I get back upstairs and realize my massive screw-up. Our security system is set to allow emergency egress, but not ingress. I’m now locked out of the office.

I hadn’t even called anybody at this point, there was nothing they could do to help, and I was hoping the building would miraculously get it fixed before the UPSes died and nobody had to be woken up.

So I’m sitting outside the front door and the inevitable happens. The whole DC slowly powers off, but the office is still up. The network monitor is still up and chimes every time a service ping fails, and it starts singing. Then the phones light up and it’s a cacophony behind that door.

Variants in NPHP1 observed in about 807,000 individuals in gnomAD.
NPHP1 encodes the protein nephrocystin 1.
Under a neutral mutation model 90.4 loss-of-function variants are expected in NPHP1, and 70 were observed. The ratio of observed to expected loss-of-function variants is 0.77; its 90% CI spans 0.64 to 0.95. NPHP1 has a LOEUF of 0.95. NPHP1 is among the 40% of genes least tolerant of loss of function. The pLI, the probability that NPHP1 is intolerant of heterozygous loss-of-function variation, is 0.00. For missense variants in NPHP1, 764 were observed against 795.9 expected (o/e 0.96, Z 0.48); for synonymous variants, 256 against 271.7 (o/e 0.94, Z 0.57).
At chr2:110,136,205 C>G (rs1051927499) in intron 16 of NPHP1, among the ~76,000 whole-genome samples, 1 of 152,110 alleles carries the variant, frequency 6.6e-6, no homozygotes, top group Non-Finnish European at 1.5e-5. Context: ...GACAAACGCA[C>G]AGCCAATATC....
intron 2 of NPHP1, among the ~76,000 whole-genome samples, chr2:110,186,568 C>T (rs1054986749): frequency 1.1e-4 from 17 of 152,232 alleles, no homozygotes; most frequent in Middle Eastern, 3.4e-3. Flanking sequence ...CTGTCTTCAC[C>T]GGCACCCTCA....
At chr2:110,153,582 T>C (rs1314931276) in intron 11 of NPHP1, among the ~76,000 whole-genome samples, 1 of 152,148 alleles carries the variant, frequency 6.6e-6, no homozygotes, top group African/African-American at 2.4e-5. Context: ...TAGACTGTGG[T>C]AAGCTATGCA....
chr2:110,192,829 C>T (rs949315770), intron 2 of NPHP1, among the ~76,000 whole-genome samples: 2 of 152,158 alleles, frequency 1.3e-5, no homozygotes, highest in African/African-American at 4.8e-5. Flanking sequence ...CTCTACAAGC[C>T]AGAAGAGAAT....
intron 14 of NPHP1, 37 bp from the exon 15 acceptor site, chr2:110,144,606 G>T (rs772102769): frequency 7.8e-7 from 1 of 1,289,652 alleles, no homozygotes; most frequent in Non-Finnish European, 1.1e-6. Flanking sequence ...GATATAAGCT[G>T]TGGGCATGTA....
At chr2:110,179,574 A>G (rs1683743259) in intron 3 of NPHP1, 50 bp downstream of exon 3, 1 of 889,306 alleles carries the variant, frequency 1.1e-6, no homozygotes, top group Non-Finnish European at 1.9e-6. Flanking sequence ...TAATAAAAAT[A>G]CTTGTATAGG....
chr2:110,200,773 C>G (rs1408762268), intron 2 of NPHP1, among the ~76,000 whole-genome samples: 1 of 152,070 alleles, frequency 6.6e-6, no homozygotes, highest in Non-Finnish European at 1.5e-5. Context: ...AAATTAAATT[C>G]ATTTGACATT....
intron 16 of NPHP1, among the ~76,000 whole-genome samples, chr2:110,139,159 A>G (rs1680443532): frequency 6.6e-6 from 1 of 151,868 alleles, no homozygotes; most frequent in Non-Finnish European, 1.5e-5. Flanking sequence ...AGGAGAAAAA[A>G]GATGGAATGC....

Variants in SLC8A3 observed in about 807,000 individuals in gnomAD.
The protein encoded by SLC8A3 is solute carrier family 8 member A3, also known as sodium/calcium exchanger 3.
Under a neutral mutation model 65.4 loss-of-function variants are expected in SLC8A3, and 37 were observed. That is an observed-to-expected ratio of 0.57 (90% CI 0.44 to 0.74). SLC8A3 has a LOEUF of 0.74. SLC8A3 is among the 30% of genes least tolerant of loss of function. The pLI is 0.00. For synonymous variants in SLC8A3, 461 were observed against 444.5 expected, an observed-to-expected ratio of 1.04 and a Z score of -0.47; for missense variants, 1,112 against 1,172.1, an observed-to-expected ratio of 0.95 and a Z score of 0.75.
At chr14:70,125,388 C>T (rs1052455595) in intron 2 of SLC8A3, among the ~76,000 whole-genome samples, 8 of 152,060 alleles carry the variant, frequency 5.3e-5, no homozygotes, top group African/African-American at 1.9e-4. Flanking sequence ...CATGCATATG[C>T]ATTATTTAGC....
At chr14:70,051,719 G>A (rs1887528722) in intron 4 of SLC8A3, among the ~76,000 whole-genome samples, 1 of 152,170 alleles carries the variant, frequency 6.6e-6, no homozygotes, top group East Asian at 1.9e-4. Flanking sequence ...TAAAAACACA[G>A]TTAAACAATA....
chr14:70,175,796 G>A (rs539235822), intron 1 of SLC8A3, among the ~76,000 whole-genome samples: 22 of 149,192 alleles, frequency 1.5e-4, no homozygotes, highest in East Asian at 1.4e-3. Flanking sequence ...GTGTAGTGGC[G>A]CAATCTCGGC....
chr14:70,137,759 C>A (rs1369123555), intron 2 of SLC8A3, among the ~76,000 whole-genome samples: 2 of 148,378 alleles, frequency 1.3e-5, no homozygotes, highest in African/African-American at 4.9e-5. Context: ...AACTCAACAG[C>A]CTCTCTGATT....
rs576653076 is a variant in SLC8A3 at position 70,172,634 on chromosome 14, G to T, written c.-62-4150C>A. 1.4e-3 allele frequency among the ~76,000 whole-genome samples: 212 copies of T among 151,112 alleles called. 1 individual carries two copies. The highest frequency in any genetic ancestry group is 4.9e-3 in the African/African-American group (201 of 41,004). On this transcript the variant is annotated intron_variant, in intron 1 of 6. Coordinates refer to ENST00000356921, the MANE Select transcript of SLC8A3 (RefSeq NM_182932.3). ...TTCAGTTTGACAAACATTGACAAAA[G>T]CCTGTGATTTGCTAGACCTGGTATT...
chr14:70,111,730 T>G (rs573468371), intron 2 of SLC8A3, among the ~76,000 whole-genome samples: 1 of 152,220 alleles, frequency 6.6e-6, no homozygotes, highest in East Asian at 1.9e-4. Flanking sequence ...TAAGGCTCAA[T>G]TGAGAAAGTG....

I finally call the CEO and let him know what happened. He is on the way immediately and calls some others. They all get there around the same time, just to find that I had taken the front office door off the hinges to get back in, the office UPSes were dead and the office was completely dark, with the exception of my desk, where I had ran an extension cord from an unused, personal-sized UPS from HR to a string of Christmas lights around me.

Hands-down the most embarrassing time of my IT career.  (By Reddit u/Hight3chLowlif3)

'80s office tech psa

The DNS Life Raft

My friend used to work for a local small ISP back in the dialup days. He told me a story once.